Widely referred to as the “morning after pill”, emergency contraceptives (EC), are used within five days after sex to prevent a pregnancy before it starts. Most brands, such as Plan B One Step, are available over the counter at drug stores and health centers. 

“Access to emergency contraception is crucial because it allows people another option to prevent pregnancy,” Case said. 

Goucher’s Health Center offers EC for $35, no appointment necessary. However, the Health Center is open 9-5 Monday-Friday– when many students may have class, practice, or other commitments. There is no way to access EC on campus over the weekend with the Health Center closed. 

Towson’s sparse public transportation creates difficulty getting off campus for students without cars. Walking to and from the closest CVS or Walgreens would take approximately an hour and using a ride-share service like Uber or Lyft could cost around $20 round-trip.  

BAF’s service operates seven days a week and both the kits and delivery are free. Each kit comes discreetly packaged and includes one pack of Plan B emergency contraceptive, two pregnancy tests, condoms, and information on how to use these items, according to Case. 

Students can order their kit online through BAF’s website. Case said that once the request is received, BAF will reach out for any additional information they need via text or email within 24 hours if the request comes in during the week or 48 hours if the request comes over the weekend.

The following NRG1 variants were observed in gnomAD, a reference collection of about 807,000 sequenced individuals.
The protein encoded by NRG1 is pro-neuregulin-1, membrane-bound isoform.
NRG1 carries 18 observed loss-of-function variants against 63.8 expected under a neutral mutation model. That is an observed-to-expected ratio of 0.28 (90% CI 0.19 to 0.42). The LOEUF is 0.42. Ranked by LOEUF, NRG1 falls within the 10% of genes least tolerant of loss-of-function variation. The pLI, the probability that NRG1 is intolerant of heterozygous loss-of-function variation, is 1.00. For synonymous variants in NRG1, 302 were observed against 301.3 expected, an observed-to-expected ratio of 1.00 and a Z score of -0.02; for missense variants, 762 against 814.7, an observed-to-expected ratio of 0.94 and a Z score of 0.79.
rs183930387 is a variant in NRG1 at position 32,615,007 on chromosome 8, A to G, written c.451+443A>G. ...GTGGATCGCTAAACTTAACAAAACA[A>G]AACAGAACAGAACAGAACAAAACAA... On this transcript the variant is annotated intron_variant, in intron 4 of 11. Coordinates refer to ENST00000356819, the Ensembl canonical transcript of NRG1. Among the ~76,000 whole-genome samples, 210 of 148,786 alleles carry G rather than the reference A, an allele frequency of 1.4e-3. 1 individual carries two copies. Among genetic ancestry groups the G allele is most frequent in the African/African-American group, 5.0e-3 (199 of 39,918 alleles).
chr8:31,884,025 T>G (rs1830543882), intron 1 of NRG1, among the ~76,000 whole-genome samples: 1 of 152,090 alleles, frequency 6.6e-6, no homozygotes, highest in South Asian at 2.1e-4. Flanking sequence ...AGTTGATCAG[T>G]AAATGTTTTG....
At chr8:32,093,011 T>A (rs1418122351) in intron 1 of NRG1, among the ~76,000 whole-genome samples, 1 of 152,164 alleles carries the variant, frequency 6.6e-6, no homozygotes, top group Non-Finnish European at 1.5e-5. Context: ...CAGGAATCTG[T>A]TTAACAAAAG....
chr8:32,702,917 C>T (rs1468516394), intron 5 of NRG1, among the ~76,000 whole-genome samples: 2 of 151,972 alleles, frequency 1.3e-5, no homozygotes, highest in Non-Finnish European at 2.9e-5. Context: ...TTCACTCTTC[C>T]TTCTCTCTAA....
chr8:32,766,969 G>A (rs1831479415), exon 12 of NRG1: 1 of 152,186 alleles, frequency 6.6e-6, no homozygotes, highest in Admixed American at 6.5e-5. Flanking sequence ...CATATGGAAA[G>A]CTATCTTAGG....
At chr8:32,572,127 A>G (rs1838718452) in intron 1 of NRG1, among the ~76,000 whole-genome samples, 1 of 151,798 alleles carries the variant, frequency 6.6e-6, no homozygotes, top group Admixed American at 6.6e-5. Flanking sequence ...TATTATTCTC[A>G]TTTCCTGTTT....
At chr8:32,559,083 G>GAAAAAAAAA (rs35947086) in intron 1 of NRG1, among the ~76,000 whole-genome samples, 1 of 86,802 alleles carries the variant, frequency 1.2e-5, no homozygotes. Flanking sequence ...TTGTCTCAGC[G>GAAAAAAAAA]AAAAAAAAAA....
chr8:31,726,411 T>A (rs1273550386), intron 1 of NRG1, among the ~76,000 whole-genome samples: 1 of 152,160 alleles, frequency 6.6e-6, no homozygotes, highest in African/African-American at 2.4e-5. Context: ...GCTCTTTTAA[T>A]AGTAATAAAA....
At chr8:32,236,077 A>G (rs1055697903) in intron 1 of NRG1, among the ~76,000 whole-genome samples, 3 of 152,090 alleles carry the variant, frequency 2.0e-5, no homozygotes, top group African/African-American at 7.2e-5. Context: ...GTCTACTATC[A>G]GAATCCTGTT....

If a student lives off campus or in a place where the kit can be dropped off at the door, such as a house, BAF will drop it off to the provided delivery address. 

For on-campus students, who live in communal residence halls, alternative collection methods are possible. BAF will contact the student for them to coordinate a meeting place for the kit to be handed off or a time for the recipient to pick up the kit from BAF. 

At this time the ECK service is run by BAF staff members only, but Case said they are exploring ways to get volunteers involved. 

“I encourage students to join our newsletter and keep an eye on our website for any volunteer opportunities,” Case said, “Students who have cars can also get involved by joining the Baltimore Abortion Fund as Practical Support Volunteers and helping drive our clients to their appointments.” 

Additional services BAF offers include financial support for people seeking an abortion in Maryland, as well as aiding with transportation, lodging, and translation. These programs are predominantly volunteer and donation-supported.